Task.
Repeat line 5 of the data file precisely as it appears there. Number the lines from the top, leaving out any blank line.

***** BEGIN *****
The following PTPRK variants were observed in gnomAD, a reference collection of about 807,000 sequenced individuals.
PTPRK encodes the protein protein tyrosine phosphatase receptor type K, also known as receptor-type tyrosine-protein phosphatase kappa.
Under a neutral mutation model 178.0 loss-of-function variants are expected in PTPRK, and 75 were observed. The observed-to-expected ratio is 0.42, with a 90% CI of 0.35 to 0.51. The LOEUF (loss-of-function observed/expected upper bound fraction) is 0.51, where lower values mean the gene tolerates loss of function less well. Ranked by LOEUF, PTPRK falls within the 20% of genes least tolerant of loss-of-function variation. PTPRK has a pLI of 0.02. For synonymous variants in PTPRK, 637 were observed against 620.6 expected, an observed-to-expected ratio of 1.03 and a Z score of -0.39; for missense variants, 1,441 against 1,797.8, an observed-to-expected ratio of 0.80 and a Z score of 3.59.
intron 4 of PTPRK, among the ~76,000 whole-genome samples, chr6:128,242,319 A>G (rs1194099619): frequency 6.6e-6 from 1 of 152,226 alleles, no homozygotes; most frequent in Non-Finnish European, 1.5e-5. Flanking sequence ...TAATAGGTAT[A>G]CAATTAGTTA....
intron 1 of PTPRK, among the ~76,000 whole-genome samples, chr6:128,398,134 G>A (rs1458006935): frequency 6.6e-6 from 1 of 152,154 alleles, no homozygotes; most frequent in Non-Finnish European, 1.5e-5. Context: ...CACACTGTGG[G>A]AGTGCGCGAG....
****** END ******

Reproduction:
intron 1 of PTPRK, among the ~76,000 whole-genome samples, chr6:128,398,134 G>A (rs1458006935): frequency 6.6e-6 from 1 of 152,154 alleles, no homozygotes; most frequent in Non-Finnish European, 1.5e-5. Context: ...CACACTGTGG[G>A]AGTGCGCGAG....